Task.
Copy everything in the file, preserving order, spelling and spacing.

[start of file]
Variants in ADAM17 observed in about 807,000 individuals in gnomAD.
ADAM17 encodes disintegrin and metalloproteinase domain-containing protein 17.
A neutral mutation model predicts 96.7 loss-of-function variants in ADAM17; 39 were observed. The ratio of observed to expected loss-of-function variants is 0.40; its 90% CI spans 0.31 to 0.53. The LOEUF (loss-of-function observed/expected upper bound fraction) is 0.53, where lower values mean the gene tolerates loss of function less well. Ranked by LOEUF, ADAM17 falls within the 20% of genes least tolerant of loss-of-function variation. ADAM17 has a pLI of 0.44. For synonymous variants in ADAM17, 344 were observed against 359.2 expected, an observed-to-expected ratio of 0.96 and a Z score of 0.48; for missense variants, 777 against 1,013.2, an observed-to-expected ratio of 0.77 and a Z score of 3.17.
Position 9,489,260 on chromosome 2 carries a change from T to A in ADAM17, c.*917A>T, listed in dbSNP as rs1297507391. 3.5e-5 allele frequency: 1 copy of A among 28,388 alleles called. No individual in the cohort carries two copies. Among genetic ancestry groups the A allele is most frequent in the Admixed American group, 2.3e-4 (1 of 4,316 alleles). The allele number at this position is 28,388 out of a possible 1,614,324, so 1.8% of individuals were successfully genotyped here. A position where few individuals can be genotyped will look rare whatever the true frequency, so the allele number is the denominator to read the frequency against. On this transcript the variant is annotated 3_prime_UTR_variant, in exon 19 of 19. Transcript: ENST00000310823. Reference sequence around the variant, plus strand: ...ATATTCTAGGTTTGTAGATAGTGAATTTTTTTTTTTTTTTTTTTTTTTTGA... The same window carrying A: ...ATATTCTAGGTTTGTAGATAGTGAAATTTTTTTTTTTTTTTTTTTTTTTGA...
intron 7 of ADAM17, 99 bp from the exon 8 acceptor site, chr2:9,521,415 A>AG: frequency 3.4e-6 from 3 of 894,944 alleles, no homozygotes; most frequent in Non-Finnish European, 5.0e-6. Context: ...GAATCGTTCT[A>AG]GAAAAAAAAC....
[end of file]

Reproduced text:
Variants in ADAM17 observed in about 807,000 individuals in gnomAD.
ADAM17 encodes disintegrin and metalloproteinase domain-containing protein 17.
A neutral mutation model predicts 96.7 loss-of-function variants in ADAM17; 39 were observed. The ratio of observed to expected loss-of-function variants is 0.40; its 90% CI spans 0.31 to 0.53. The LOEUF (loss-of-function observed/expected upper bound fraction) is 0.53, where lower values mean the gene tolerates loss of function less well. Ranked by LOEUF, ADAM17 falls within the 20% of genes least tolerant of loss-of-function variation. ADAM17 has a pLI of 0.44. For synonymous variants in ADAM17, 344 were observed against 359.2 expected, an observed-to-expected ratio of 0.96 and a Z score of 0.48; for missense variants, 777 against 1,013.2, an observed-to-expected ratio of 0.77 and a Z score of 3.17.
Position 9,489,260 on chromosome 2 carries a change from T to A in ADAM17, c.*917A>T, listed in dbSNP as rs1297507391. 3.5e-5 allele frequency: 1 copy of A among 28,388 alleles called. No individual in the cohort carries two copies. Among genetic ancestry groups the A allele is most frequent in the Admixed American group, 2.3e-4 (1 of 4,316 alleles). The allele number at this position is 28,388 out of a possible 1,614,324, so 1.8% of individuals were successfully genotyped here. A position where few individuals can be genotyped will look rare whatever the true frequency, so the allele number is the denominator to read the frequency against. On this transcript the variant is annotated 3_prime_UTR_variant, in exon 19 of 19. Transcript: ENST00000310823. Reference sequence around the variant, plus strand: ...ATATTCTAGGTTTGTAGATAGTGAATTTTTTTTTTTTTTTTTTTTTTTTGA... The same window carrying A: ...ATATTCTAGGTTTGTAGATAGTGAAATTTTTTTTTTTTTTTTTTTTTTTGA...
intron 7 of ADAM17, 99 bp from the exon 8 acceptor site, chr2:9,521,415 A>AG: frequency 3.4e-6 from 3 of 894,944 alleles, no homozygotes; most frequent in Non-Finnish European, 5.0e-6. Context: ...GAATCGTTCT[A>AG]GAAAAAAAAC....